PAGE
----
Kentucky is on track to record more than 1,000 illegal methamphetamine labs in 2010, despite years of escalating efforts to control production and abuse of the highly addictive drug.
That would be the most labs ever found in the state.
That record is certain to help drive debate in the 2011 legislative session about a proposal to require a prescription for the cold and allergy drug that addicts and traffickers use to make meth.
"That's going to probably be a very controversial bill if the pharmaceutical companies are not happy with it," said the sponsor, state Rep. Linda Belcher, a Democrat from Bullitt County.
That's probably a given, Belcher said.
Police found 111 meth labs in October, the most ever in any single month, Kentucky State Police reported Wednesday.
As of Nov. 23, police had found 919 meth labs in the state.
That's already more than the 741 found last year — which was a record — and this year's final number will likely top 1,000, state police said.
The number of labs is up because people have found ways to evade restrictions on purchases of an ingredient needed to make meth, and because they have found simpler ways to convert that ingredient to meth in small, homemade labs, police say.
The ingredient at issue is pseudoephedrine, a decongestant found in some over-the-counter cold and allergy medicines.
Meth "cookers" amass piles of pills that contain the drug, then use a chemical process that involves toxic substances such as drain cleaner to convert the pseudoephedrine to meth in labs often fashioned from plastic bottles.
Each small lab doesn't produce much meth, so cookers create more labs, said Tommy Loving, director of the Bowling Green-Warren County Drug Task Force.
There are limits on how much pseudoephedrine a person can buy in a month, and Kentucky has an electronic tracking system that pharmacists have used to block thousands of attempts to buy more than the legal limit.
However, that system has not driven down the number of meth labs in the state.
Meth makers are increasingly circumventing the limits with a tactic called "smurfing" — getting a number of people to buy their limit of pills containing pseudoephedrine and turn them over to the cooker.
The smurfers get paid in cash or meth.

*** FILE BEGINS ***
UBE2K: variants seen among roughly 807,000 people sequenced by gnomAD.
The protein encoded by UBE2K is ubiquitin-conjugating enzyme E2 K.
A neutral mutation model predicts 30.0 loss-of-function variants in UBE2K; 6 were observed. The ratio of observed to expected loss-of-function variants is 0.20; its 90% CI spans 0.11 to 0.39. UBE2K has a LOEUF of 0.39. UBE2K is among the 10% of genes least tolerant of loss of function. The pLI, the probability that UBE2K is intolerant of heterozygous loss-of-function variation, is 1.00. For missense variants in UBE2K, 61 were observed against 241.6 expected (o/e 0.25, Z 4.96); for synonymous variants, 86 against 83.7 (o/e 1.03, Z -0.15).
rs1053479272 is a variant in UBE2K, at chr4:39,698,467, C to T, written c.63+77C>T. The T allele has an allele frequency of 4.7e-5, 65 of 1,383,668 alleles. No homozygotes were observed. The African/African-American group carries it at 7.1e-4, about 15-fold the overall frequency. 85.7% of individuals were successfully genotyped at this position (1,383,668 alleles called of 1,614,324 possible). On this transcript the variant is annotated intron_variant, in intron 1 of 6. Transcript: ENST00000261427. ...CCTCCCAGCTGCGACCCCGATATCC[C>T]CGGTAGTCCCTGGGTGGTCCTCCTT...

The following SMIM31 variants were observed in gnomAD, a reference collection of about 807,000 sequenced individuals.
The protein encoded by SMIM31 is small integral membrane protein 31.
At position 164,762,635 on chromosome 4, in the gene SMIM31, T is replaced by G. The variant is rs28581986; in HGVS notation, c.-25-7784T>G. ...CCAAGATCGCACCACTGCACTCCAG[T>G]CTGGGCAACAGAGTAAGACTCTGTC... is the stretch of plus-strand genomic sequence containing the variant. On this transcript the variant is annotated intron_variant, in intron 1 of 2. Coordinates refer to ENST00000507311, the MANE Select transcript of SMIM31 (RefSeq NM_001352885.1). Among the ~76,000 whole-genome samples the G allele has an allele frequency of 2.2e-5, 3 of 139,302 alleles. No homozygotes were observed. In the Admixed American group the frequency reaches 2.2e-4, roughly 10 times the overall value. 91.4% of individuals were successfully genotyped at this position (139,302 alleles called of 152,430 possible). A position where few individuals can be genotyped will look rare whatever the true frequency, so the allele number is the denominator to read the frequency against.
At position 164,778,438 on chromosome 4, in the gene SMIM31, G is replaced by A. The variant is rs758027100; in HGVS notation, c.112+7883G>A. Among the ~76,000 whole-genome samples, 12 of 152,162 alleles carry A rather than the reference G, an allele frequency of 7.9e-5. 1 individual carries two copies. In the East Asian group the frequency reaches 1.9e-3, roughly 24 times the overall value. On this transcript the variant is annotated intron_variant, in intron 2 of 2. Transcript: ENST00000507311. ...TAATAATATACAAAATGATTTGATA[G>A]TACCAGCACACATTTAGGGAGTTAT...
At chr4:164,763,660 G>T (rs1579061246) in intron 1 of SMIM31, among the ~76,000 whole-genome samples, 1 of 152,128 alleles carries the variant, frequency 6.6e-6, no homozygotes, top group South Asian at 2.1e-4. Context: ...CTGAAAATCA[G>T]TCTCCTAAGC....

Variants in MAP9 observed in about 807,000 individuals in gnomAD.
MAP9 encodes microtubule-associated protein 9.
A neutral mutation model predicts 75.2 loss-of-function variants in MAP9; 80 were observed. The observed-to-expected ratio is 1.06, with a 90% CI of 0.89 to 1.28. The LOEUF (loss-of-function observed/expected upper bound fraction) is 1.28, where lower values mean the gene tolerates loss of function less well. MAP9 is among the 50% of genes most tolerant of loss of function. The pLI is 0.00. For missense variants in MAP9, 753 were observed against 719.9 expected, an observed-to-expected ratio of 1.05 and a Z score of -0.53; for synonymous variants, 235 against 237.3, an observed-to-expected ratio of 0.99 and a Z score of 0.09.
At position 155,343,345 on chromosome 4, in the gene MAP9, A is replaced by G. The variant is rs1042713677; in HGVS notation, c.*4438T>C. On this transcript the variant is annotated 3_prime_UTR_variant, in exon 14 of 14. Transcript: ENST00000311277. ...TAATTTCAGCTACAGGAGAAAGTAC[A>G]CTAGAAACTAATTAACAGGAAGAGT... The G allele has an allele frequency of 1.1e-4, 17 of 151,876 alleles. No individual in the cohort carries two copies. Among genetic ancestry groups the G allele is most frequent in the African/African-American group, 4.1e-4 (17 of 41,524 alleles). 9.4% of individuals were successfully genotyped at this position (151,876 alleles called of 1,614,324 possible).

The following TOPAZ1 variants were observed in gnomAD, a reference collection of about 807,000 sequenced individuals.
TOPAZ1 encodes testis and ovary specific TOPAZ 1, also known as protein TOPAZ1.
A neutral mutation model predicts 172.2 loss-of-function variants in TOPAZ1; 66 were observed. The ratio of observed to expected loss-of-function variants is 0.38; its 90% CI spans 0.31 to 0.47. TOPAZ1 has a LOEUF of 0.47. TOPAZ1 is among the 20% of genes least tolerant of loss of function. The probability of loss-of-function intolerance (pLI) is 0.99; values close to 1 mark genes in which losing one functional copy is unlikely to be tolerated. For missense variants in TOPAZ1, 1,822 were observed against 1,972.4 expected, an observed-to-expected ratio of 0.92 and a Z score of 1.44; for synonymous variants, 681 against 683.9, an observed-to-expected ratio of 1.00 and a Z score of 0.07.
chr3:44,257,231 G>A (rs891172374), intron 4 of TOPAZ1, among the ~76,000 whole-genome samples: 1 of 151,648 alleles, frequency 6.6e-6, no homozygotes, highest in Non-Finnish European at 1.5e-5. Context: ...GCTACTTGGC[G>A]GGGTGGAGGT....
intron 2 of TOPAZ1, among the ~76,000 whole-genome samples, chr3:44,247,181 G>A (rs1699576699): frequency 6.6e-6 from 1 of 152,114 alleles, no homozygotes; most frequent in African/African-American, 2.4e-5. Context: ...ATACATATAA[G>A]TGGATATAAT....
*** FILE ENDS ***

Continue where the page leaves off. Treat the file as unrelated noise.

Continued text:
The National Methamphetamine and Pharmaceuticals Initiative, made up of police and prosecutors, says smurfing is at "epidemic proportions" across the country.
The tactic is helping drive the spike in meth labs in Kentucky, Loving said.
"That's not going to stop until we eliminate smurfing," Loving said.
The best way to do that is to require a prescription for medication containing pseudoephedrine, Loving said.
He and other supporters of that move point to Oregon as an example.
Oregon was the first state to require a prescription for pseudoephedrine, beginning in 2006.
This year, Mississippi became the second state with a similar requirement.
Oregon had far more meth labs than Kentucky at one point — 587 to 175 in 2001, for instance.
But the rule requiring a prescription for products containing pseudoephedrine has wiped out meth labs in Oregon, said Rob Bovett, a prosecutor there who wrote the state's law.
Only five small meth labs have been found in Oregon this year, Bovett said.
There has been a corresponding, significant drop in abuse of meth and in crime, he said.
"We're seeing meth driven down, down, down," Bovett said.
Police would like to cut the number of meth labs in Kentucky not only because they feed drug abuse, but because the labs can blow up or expose children, cookers and police to noxious fumes, and because used-up labs are hazardous waste, costly to clean up.
A prescription was required for pseudoephedrine before 1976, when Congress changed the law.
However, the Consumer Products Healthcare Association, which represents makers of over-the-counter medications, opposes requiring prescriptions for pseudoephedrine.
Among other things, the industry group argues that requiring prescriptions would mean inconvenience and higher costs because people would have to get prescriptions from doctors for common cold and allergy medicines such as Sudafed.
The association spent $307,777 on lobbying in the 2010 legislative session in Kentucky against bills that would have placed additional restrictions on obtaining pseudoephedrine.
That was more than any other group spent during the session.
Belcher, who sponsored a bill the association lobbied against, said she got calls from people who said they'd been told she was trying to get rid of all cold and allergy medicine. That was not correct, she said.
In reality, the bill she has pre-filed for the 2011 session would require a prescription for pills containing the drug. A prescription would not be needed for gel caps, because those can't be converted to meth, Belcher said.
Belcher said she doesn't think requiring a prescription for the pills would cause a big problem for consumers.
The Oregon Alliance for Drug Endangered Children says Oregon's law did not cause major inconvenience for consumers or drive up state Medicaid costs. Many people simply switched to cold and allergy medicine without pseudoephedrine, according to the alliance.
Even if there is some inconvenience, however, it would be worth it to combat the harm meth does to addicts and families and the costs it imposes on taxpayers, Belcher said.
"I think we may have to deal with a small amount of inconvenience to get rid of this problem," Belcher said. "It's a horrible drug."